Camden police make four-figure payout to “Samaritan” who fell foul of the law

A ‘GOOD Samaritan’ who was physically and verbally abused by a Camden police officer has received a four figure payout from the Met.

Terence O’Reilly, 48, was paid the compensation last month after a three-year battle to bring the officer he said assaulted him to account.

The Belsize Park resident claims he was mistreated by PC Andrew Armer while trying to help an unconscious man on Camden Road in the early hours of a September morning in 2008. Mr O’Reilly said he was subjected to a torrent of foul language and shoved violently while trying to help.

Speaking on behalf of Mr O’Reilly, his lawyer Sasha Barton, of Hodge, Jones and Allen in Euston, said after the settlement: “He felt extremely wronged. He felt like he’d been acting as a Good Samaritan.

“He felt police acted disproportionately, swearing at him and shoving him. It was never about the money – he just wanted some recognition that what the officers had done was wrong.”

Ms Barton said her client had been visiting friends in Camden when he came across a man in his 20s collapsed in the road.

“Mr O’Reilly dialled 999 on his mobile and informed the emergency services,” she said. “He put his jacket over the man to keep him warm and waited with the man for the paramedics to come.”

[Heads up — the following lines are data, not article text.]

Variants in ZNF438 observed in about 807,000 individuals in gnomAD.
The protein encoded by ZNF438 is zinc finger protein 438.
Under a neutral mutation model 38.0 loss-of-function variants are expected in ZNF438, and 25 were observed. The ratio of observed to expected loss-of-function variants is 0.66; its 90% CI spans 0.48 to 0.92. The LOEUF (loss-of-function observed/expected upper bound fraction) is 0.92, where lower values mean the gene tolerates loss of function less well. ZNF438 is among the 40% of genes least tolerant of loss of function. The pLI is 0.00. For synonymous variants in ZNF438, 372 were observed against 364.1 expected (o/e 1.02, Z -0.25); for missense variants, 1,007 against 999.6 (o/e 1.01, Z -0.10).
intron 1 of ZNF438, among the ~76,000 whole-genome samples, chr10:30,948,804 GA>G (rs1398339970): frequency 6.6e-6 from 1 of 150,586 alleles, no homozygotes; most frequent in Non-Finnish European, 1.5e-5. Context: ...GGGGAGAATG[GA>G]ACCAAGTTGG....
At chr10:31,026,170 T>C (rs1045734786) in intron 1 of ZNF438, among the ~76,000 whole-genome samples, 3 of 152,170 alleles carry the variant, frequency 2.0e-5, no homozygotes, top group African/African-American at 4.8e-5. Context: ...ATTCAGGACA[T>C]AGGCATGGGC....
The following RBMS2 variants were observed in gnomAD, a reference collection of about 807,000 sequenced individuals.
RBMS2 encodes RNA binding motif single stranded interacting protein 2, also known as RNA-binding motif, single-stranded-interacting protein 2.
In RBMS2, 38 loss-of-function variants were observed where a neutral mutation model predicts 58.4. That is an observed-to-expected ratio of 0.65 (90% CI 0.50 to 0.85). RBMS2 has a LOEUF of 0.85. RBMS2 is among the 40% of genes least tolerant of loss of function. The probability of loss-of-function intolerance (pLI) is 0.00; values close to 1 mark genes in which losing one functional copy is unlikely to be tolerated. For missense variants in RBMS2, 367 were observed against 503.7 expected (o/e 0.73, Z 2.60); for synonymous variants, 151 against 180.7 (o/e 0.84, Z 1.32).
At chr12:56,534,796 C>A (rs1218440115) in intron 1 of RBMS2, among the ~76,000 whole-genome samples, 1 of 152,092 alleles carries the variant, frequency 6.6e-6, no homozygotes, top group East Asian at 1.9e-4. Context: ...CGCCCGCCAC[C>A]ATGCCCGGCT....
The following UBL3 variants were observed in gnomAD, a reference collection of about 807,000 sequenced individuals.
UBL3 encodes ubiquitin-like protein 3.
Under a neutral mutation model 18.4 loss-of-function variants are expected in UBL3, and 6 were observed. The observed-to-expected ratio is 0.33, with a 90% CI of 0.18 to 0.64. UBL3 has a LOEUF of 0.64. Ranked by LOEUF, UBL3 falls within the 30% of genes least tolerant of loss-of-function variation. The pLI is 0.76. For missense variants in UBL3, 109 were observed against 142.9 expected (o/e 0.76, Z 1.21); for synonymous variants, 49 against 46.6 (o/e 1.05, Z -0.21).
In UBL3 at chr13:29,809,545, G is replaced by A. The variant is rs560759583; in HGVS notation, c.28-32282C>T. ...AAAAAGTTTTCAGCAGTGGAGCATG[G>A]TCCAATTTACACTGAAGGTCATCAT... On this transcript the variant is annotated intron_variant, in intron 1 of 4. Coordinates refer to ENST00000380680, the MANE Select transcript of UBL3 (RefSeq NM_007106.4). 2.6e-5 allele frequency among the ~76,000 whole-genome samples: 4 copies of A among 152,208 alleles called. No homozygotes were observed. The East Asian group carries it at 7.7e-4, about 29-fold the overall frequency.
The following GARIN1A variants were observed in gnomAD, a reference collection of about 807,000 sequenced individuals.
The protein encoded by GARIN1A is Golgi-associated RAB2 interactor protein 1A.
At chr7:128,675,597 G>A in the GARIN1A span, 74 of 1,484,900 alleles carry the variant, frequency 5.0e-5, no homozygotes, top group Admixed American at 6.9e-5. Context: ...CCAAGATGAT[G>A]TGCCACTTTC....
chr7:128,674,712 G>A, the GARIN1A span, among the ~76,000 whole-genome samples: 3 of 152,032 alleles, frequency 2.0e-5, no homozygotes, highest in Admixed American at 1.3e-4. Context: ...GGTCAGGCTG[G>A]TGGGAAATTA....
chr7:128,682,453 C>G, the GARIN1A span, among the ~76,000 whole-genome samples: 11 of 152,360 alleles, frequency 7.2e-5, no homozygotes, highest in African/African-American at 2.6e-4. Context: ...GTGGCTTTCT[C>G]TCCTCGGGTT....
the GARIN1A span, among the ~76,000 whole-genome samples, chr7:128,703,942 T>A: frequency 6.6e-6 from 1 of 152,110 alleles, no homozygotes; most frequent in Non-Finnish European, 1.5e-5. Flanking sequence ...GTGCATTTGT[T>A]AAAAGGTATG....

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But before the ambulance arrived, PC Armer walked past with a colleague and started to administer first aid to the injured man.

Ms Barton said Mr O’Reilly became worried that the officers were being too rough because they seemed to be pinching and shaking the patient. He protested they were hurting him and tried to call 999 again.

At this point PC Armer is caught on CCTV shoving him forcefully across the pavement, causing soft tissue injuries to his back.

Mr O’Reilly was then handcuffed and arrested for obstructing police duties but was later acquitted of all charges at Highbury Magistrates’ Court.

He then lodged two official complaints with the Met’s own standards department and the Independent Police Complaints Commission – both of which failed to be upheld – leading him to launch civil proceedings in May 2009.

On April 19 the Met agreed to pay damages but did not admit liability.

A spokeswoman for the Met confirmed that Mr O’Reilly’s complaint had been investigated but not upheld. His appeal to the IPCC was also rejected.